Ezekiel's cherubim: the Biblical book Ezekiel describes them as a class of angel with four faces -- that of a man, a lion, an eagle, and an ox -- and four wings, two of which stretched upward and supported the throne of God while the other two modestly covered the cherubim's bodies. Their eyes are depicted as covered with eyes like coals of burning flame, and they carry flaming swords.
Last edited by Vana Tuivana on Mon Oct 23, 2006 3:03 am, edited 2 times in total.

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Postby Vana Tuivana » Sun Oct 22, 2006 9:56 am

With a dreamy sigh about the description of Enjolras above (...taste the dawn indeed... *fangirls*), we turn to the legion of allusions in the passage describing Grantaire. This is my favorite part which seems to justify the E/R relationship on some level.

There are men who seem born to be the opposite, the reverse, the counterpart. They are Pollux, Patroclus, Nisus, Eudamidas, Ephestion, Pechméja. They live only on condition of leaning on another; their names are sequels, only written preceded by the conjunction "and"; their existence is not their own; it is the other side of a destiny not their own. Grantaire was one of these men. He was the reverse of Enjolras.
We might almost say that affinities begin with the letters of the alphabet. In the series O and P are inseperable. You can, as you choose, pronounce O and P, or Orestes and Pylades. ... Grantaire was an unaccepted Pylades.


Pollux: in Roman mythology, a son of Jupiter (Zeus) and the twin brother of Castor; in the Greek version of the tale, their names are Polydeuces and Kastor. Castor is the more-venerated of the two; he was a great horseman, while Pollux, more often ignored, was a boxer. When Castor was killed by jealous rivals, Pollux was so grief-stricken that he went to Zeus and petitioned him to bring Castor back to life. Zeus was so moved by Pollux's grief that he granted both brothers immortality. They now hang in the sky as the constellation Gemini, or the Twins.

Patroclus: a famous Greek warrior who was a kinsman of Achilles, as well as his closest companion and lover (or so attributed by Plato and Aeschylus). Achilles and Patroclus went to Troy together, and Achilles, sulking over the loss of one of his lovers, refused to participate in the fighting. Patroclus dressed himself in Achilles' armor, led his men to battle, and was killed by Hector. It was his death that spurred Achilles to enter the fighting, though he was warned by a prophecy that he would die if he fought in the war.

Nisus: one half of a famous pederastic relationship from the Aeneid. He is the older lover, a famous warrior, and his eromenos Euryalus is described as the most beautiful boy in the Trojan army. They volunteered to go on a raid of an enemy camp, and were discovered. Nisus got away, but Euryalus was captured and killed while Nisus was rushing back to save him; Nisus threw himself on the body of his lover, just moments too late, and he was also killed.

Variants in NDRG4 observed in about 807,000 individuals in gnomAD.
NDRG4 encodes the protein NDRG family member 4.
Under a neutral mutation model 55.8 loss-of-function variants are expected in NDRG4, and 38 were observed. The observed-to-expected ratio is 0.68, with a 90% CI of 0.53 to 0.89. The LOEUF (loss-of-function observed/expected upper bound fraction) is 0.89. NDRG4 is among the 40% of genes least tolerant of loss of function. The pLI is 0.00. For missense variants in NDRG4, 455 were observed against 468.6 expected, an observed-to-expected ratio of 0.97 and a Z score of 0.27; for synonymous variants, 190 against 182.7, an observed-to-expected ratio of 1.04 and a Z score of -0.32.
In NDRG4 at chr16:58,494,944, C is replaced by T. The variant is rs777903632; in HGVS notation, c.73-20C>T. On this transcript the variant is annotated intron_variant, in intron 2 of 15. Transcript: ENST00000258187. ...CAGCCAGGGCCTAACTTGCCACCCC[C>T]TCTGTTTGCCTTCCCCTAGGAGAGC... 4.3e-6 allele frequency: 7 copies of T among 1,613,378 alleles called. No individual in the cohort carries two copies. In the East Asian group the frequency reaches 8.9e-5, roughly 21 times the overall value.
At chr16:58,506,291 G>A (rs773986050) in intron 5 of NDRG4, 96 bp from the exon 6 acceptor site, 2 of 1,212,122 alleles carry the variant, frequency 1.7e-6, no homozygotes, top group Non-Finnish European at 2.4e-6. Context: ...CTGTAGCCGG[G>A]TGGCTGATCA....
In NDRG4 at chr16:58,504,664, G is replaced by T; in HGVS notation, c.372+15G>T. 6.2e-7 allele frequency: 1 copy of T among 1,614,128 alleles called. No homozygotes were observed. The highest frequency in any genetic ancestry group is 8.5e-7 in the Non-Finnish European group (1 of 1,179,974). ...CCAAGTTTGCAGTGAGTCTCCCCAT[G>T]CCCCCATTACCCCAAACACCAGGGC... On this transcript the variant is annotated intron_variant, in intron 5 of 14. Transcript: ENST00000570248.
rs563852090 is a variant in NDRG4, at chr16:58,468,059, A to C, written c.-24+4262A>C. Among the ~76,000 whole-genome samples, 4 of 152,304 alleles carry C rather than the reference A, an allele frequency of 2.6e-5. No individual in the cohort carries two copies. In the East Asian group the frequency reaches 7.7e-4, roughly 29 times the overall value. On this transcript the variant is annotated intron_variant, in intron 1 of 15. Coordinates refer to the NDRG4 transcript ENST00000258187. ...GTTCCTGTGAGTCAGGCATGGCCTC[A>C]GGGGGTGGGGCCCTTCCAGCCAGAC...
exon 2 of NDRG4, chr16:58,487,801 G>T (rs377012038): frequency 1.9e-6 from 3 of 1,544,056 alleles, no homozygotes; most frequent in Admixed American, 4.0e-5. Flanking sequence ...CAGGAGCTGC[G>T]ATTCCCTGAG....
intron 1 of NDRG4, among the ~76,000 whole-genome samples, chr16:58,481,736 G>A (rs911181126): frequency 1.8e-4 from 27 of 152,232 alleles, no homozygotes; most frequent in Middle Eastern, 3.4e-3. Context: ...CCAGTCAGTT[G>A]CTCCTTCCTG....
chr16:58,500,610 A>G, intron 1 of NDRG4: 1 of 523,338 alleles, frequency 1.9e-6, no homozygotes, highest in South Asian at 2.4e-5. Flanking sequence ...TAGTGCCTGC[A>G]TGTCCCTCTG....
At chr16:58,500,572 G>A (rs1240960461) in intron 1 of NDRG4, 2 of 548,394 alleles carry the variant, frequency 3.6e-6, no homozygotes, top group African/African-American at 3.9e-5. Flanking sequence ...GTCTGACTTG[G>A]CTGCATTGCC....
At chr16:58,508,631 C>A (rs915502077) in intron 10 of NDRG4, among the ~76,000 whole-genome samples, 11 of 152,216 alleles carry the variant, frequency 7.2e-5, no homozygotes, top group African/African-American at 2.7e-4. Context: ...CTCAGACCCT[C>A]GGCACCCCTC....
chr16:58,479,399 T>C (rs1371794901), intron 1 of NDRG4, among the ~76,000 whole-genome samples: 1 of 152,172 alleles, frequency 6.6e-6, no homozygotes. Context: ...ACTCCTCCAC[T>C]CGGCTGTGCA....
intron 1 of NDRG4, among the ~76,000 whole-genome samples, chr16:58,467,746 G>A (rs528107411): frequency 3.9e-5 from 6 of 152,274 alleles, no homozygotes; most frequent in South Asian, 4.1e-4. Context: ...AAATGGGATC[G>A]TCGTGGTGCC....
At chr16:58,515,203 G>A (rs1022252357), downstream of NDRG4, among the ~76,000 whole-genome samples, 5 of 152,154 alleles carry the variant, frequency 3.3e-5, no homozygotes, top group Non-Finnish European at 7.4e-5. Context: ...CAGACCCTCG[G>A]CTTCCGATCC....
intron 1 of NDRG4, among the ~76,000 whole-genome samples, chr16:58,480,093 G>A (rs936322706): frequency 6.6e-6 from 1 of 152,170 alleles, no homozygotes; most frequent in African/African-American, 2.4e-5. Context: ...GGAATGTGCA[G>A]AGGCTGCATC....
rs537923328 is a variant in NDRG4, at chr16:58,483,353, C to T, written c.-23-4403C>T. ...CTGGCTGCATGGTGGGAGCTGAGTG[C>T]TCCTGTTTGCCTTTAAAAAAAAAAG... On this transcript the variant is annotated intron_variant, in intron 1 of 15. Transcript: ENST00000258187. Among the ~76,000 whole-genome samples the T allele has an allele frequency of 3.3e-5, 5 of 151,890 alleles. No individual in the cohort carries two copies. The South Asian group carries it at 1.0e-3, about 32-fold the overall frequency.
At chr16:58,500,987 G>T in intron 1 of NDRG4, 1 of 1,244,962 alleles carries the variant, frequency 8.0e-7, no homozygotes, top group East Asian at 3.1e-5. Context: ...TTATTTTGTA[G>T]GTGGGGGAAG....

Eudamidas: any one of three Kings of Sparta. The government of Sparta was unique in that there always had to be two kings: one from each of the lines of descent of Eurysthenes and Procles, the descendants of Heracles who first conquered the city. Sparta was also unique among the Greek city-states for its mandated pederastic relationships, which were thought to boost morale and provide role-models for boys and incentive to be virtuous for men, so it may be assumed that all of the Eudamidi played the role of erastes (older lover) in such relationships at least through parts of their lives.

Ephestion: known in the English-speaking world as Hephaistion; a Macedonian soldier, and more famously the companion and lover of Alexander the Great. Hephaistion is remembered as the most loyal of all Alexander's generals, and his best-beloved companion. One story goes that when Alexander's army passed through Troy, Alexander honored the grave of Achilles, while Hephaistion did the same at the grave of Patroclus. After Hephaistion's death from fever (or possibly poisoning), Alexander had his lover deified, held impressive funeral games, and even shaved his head as a sign of mourning. It might be worth noting that Alexander himself died just eight months after Hephaistion, ostensibly from malaria, but possibly also from poisoning. Their relationship is also notable because Alexander and Hephaistion appear to be of approximately the same age, making their relationship more egalitarian than the more-usual pederastic ideal.

Pechméja: Jean (de) Péchmeja, a French writer and author of the didactic novel Télèphe (1784); longtime companion and possibly lover of Jean Dubreuil, a respected doctor. The two spent their childhoods together, and separated but remained friends throughout adulthood. When Pechméja became sick, Dubreuil moved to Paris to care for him. According to contemporary reports, they were practically inseperable and shared everything, including a house and "good things, bad things, pleasure and pain", according to a friend. Dubreuil became sick with a pulmonary disease and Pechméja became his caretaker. When the doctor died in April 1785, he left his posessions to Pechméja, who died of the same illness less than a month later. The two were buried in the same grave and admired by their contemporaries for the example of a strong romantic friendship.